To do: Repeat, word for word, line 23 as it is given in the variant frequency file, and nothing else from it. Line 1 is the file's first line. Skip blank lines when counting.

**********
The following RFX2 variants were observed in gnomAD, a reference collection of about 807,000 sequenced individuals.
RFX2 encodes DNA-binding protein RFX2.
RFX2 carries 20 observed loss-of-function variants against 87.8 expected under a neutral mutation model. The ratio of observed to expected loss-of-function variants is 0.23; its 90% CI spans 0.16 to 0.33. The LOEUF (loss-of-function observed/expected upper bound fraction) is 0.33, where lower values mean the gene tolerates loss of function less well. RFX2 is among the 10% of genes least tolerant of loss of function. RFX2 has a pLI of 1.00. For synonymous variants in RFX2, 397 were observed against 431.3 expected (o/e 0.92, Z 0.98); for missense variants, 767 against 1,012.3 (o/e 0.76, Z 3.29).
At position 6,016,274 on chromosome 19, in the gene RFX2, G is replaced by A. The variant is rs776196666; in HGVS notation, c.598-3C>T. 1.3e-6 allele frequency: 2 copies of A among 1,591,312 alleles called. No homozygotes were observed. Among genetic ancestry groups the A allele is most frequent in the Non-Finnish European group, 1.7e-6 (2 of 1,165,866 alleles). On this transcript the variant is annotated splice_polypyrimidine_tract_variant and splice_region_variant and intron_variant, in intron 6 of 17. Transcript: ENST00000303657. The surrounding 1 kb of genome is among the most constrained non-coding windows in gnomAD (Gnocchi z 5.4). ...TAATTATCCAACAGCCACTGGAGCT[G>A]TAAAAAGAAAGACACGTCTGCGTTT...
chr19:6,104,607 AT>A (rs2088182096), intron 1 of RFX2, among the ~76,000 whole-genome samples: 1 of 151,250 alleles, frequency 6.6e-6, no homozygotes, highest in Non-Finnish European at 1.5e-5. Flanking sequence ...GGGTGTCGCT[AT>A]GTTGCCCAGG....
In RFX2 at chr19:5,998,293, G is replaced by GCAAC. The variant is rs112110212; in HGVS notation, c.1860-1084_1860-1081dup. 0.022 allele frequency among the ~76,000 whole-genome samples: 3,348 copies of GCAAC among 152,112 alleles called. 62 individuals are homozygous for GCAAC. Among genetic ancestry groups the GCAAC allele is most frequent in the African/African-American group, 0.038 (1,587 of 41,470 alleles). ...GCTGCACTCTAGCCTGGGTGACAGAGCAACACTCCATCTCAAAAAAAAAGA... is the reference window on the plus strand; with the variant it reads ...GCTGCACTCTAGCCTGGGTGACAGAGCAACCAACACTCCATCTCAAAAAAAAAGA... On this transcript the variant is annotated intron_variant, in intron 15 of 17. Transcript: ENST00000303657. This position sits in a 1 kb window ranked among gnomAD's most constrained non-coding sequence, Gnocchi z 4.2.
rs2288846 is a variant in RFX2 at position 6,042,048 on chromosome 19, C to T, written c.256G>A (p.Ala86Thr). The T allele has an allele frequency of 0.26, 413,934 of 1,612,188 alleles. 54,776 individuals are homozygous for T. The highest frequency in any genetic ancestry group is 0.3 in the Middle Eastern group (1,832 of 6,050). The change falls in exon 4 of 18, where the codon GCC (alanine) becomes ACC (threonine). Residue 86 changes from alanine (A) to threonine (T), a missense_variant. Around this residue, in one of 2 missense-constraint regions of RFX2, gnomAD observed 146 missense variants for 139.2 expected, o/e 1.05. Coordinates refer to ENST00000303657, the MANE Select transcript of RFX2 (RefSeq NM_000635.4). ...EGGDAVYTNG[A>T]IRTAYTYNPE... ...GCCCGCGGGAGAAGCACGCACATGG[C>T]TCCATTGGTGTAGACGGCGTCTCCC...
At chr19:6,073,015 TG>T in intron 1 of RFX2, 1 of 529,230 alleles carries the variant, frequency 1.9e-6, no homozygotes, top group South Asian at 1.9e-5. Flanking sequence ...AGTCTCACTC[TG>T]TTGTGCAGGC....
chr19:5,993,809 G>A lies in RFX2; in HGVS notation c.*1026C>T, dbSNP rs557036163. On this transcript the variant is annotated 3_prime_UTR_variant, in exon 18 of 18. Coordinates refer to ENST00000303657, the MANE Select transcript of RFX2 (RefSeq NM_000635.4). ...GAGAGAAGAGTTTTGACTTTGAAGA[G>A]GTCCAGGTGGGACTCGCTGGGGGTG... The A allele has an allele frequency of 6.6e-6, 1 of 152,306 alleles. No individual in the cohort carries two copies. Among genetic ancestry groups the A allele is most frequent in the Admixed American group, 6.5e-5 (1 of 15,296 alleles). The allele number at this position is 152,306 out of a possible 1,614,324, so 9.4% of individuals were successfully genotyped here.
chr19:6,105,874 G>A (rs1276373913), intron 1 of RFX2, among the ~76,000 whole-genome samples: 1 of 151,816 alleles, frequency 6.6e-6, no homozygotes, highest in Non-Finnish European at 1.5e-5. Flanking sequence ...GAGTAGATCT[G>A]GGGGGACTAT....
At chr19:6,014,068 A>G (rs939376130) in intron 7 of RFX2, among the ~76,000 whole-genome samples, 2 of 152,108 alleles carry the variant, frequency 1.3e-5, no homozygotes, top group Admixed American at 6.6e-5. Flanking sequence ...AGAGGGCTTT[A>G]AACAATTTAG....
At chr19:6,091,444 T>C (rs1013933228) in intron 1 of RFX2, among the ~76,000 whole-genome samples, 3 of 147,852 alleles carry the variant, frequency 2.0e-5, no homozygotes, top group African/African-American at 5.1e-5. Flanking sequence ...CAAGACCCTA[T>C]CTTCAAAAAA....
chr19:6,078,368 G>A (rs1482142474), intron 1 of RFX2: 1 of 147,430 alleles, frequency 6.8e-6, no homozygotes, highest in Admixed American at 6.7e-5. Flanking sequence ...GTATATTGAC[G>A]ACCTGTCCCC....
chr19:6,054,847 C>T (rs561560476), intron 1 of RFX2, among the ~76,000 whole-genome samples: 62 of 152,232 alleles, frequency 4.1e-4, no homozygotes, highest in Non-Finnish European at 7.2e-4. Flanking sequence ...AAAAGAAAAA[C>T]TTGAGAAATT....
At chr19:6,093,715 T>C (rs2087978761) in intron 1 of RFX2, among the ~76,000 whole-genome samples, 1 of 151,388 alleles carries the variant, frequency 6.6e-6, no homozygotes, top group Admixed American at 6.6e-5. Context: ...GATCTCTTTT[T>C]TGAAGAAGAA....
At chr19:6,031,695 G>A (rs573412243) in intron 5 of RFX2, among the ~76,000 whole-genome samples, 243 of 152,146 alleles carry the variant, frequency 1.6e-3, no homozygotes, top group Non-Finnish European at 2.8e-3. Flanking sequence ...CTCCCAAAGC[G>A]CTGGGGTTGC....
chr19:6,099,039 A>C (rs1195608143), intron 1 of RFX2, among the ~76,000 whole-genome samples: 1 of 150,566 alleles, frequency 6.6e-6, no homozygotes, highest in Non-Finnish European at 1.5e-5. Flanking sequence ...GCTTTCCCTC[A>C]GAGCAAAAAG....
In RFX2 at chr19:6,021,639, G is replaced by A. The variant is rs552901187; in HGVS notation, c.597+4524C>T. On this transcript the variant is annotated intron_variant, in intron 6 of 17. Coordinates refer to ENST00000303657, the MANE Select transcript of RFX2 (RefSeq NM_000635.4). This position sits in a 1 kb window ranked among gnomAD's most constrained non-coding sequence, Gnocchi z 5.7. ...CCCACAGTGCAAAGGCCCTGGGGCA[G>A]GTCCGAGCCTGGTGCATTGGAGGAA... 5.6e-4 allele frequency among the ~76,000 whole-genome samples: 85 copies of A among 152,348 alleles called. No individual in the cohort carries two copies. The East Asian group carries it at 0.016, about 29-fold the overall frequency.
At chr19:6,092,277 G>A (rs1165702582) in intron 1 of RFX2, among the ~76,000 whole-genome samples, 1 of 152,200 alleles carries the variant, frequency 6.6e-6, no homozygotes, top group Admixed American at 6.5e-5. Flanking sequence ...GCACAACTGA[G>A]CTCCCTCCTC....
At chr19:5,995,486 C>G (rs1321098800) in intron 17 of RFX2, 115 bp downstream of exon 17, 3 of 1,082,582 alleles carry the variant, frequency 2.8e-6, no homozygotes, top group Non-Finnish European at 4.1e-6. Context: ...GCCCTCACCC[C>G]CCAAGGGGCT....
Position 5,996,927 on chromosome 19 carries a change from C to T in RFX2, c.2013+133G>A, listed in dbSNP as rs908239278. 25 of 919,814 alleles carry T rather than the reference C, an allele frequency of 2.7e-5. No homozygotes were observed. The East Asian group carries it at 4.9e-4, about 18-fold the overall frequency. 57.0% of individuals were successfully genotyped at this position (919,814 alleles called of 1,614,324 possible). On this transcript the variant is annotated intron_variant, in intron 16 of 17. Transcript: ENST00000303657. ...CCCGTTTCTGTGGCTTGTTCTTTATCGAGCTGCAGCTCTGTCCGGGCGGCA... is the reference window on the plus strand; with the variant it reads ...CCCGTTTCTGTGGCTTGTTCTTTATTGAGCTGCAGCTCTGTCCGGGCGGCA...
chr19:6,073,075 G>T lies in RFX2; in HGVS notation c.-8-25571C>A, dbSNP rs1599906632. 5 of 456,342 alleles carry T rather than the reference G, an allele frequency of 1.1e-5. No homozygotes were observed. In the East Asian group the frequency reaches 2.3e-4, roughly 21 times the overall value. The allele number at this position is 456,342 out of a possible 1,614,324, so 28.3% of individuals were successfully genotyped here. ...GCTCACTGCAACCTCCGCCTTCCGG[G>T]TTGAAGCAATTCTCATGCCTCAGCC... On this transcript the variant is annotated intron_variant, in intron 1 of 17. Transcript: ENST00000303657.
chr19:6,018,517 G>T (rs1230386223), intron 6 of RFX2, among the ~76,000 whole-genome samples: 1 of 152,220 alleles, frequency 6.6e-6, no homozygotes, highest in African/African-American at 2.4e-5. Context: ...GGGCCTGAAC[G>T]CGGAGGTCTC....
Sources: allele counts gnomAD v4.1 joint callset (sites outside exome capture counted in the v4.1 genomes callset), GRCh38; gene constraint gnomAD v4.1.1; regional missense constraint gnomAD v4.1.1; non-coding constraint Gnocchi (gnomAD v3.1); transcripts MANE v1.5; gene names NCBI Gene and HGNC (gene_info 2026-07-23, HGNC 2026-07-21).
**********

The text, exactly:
chr19:6,018,517 G>T (rs1230386223), intron 6 of RFX2, among the ~76,000 whole-genome samples: 1 of 152,220 alleles, frequency 6.6e-6, no homozygotes, highest in African/African-American at 2.4e-5. Context: ...GGGCCTGAAC[G>T]CGGAGGTCTC....